During the darkest hours of World War II, when the Allies were suffering enormous casualties, a Scarsdale, NY, high school student experienced a "vision" of the possibilities of a peaceful postwar world. From this mystical moment came the most American powerful student movement of the postwar decadethe Student Federalistswho pressed their elders and their contemporaries to consider the establishment of a world government based on the same organizing principles that guided our own nation's Founding Fathers more than a century-and-a-half earlier. Damned by the fanatics of the extreme right, including the McCartyites and the self-styled patriotic organization, and of the extreme left, led by the Stalinists of the Communist party, the Student Federalists rapidly expanded after VJ Day, reaching a high point of some 15,000 card-carrying members and almost 400 local chapters. Led by war veterans, college students and high schoolers, the Student Federalists became the most vibrant and intellectually challenging campus cause, attracting an unprecedented array of distinguished adult sponsors.
No undergraduate student movement ever grew as fast and as broadly as the Student Federalist grew between 1943 and 1949. Nor did any fade as precipitously as the same movement in the face of a widening Cold War between the United States and the Soviet Union. This is the fascinating story of the rise and fall of an unique American student movementa rare blend of idealism and pragmatismrecounted against a backdrop of cataclysmic world events. Few other American movements have produced so many future leaders in academia, politics, international aid and public affairs as did this non-partisan and non-sectarian phenomenon.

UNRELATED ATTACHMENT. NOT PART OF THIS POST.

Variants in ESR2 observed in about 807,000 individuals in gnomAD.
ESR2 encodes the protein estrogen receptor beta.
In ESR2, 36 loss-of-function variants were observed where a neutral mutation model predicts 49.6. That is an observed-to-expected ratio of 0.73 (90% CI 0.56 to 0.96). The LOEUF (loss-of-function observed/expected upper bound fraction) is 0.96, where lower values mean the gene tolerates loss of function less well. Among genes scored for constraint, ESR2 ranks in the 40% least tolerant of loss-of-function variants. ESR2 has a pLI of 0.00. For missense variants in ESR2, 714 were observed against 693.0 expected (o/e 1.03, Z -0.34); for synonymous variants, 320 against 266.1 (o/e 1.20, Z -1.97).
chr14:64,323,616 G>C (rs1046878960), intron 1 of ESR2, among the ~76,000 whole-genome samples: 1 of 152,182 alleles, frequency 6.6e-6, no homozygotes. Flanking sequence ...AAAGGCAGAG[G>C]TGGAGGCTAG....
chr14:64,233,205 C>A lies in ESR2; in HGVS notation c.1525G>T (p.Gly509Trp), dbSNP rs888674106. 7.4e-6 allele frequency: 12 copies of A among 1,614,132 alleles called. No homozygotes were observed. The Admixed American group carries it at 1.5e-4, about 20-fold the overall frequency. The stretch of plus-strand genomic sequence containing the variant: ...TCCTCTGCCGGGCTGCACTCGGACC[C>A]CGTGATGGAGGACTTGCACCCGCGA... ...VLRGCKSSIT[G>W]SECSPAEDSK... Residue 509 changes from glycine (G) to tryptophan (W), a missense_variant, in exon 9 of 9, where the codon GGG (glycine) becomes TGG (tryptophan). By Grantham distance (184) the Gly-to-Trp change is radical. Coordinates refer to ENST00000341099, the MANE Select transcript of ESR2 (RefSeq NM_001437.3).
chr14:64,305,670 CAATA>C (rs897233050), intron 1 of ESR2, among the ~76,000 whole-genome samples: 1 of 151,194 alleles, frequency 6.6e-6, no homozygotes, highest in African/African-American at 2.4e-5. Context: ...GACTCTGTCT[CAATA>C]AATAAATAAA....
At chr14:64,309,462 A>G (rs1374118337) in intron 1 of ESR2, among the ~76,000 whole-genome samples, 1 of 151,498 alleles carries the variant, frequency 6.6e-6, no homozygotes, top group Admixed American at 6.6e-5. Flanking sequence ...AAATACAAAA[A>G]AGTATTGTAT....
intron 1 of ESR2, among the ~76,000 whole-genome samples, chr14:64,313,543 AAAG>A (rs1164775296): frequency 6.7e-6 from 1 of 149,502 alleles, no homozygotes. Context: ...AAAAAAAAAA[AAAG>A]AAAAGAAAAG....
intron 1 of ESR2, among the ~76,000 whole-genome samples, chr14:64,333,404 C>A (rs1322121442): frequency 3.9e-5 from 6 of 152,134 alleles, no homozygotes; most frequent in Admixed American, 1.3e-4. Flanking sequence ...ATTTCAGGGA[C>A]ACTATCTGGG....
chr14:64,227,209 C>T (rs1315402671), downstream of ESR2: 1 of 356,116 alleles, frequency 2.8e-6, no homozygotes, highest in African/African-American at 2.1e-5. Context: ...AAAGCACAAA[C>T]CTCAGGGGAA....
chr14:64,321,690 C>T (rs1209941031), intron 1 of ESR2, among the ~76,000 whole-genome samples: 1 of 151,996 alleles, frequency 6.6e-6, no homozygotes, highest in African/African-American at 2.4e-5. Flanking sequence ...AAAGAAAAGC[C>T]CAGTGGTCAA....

This storynever told beforeis documented by the correspondence, proceedings and news articles of the student participants themselves and includes a 150-page appendix containing scores of documents, essays, statements of purpose, and official pamphlets documenting the entire decade.